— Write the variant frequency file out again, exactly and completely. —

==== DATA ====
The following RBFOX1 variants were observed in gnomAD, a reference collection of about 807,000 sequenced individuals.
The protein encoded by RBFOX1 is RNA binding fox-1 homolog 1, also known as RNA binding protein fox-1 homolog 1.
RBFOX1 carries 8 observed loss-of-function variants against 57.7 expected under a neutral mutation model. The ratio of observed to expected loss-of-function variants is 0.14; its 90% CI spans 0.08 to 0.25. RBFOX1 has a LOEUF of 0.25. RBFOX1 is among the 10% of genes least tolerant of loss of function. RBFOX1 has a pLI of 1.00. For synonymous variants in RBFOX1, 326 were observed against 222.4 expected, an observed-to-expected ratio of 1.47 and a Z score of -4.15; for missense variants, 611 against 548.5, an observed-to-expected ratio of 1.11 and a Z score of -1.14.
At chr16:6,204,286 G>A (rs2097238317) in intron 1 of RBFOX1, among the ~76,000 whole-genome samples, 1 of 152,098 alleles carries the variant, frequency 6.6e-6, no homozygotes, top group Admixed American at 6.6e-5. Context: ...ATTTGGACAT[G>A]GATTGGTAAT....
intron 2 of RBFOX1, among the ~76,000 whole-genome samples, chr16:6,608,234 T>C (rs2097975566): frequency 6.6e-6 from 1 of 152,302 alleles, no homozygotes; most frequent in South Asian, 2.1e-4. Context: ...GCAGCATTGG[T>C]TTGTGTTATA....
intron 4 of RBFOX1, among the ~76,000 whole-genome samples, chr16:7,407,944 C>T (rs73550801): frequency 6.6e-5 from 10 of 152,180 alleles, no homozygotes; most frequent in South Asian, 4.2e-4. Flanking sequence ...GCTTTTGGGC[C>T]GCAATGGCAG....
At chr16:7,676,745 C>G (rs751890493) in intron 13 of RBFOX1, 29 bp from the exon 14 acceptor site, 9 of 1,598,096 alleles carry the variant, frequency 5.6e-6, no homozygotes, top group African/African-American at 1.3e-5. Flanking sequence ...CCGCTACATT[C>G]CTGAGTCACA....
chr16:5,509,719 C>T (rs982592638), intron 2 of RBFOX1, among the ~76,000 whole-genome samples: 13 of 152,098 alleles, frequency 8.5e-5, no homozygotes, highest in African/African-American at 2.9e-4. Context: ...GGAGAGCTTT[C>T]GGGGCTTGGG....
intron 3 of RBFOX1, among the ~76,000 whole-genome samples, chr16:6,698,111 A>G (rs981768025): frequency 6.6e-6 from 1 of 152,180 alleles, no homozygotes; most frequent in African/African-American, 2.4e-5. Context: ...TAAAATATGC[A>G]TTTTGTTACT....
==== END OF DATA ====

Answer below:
The following RBFOX1 variants were observed in gnomAD, a reference collection of about 807,000 sequenced individuals.
The protein encoded by RBFOX1 is RNA binding fox-1 homolog 1, also known as RNA binding protein fox-1 homolog 1.
RBFOX1 carries 8 observed loss-of-function variants against 57.7 expected under a neutral mutation model. The ratio of observed to expected loss-of-function variants is 0.14; its 90% CI spans 0.08 to 0.25. RBFOX1 has a LOEUF of 0.25. RBFOX1 is among the 10% of genes least tolerant of loss of function. RBFOX1 has a pLI of 1.00. For synonymous variants in RBFOX1, 326 were observed against 222.4 expected, an observed-to-expected ratio of 1.47 and a Z score of -4.15; for missense variants, 611 against 548.5, an observed-to-expected ratio of 1.11 and a Z score of -1.14.
At chr16:6,204,286 G>A (rs2097238317) in intron 1 of RBFOX1, among the ~76,000 whole-genome samples, 1 of 152,098 alleles carries the variant, frequency 6.6e-6, no homozygotes, top group Admixed American at 6.6e-5. Context: ...ATTTGGACAT[G>A]GATTGGTAAT....
intron 2 of RBFOX1, among the ~76,000 whole-genome samples, chr16:6,608,234 T>C (rs2097975566): frequency 6.6e-6 from 1 of 152,302 alleles, no homozygotes; most frequent in South Asian, 2.1e-4. Context: ...GCAGCATTGG[T>C]TTGTGTTATA....
intron 4 of RBFOX1, among the ~76,000 whole-genome samples, chr16:7,407,944 C>T (rs73550801): frequency 6.6e-5 from 10 of 152,180 alleles, no homozygotes; most frequent in South Asian, 4.2e-4. Flanking sequence ...GCTTTTGGGC[C>T]GCAATGGCAG....
At chr16:7,676,745 C>G (rs751890493) in intron 13 of RBFOX1, 29 bp from the exon 14 acceptor site, 9 of 1,598,096 alleles carry the variant, frequency 5.6e-6, no homozygotes, top group African/African-American at 1.3e-5. Flanking sequence ...CCGCTACATT[C>G]CTGAGTCACA....
chr16:5,509,719 C>T (rs982592638), intron 2 of RBFOX1, among the ~76,000 whole-genome samples: 13 of 152,098 alleles, frequency 8.5e-5, no homozygotes, highest in African/African-American at 2.9e-4. Context: ...GGAGAGCTTT[C>T]GGGGCTTGGG....
intron 3 of RBFOX1, among the ~76,000 whole-genome samples, chr16:6,698,111 A>G (rs981768025): frequency 6.6e-6 from 1 of 152,180 alleles, no homozygotes; most frequent in African/African-American, 2.4e-5. Context: ...TAAAATATGC[A>G]TTTTGTTACT....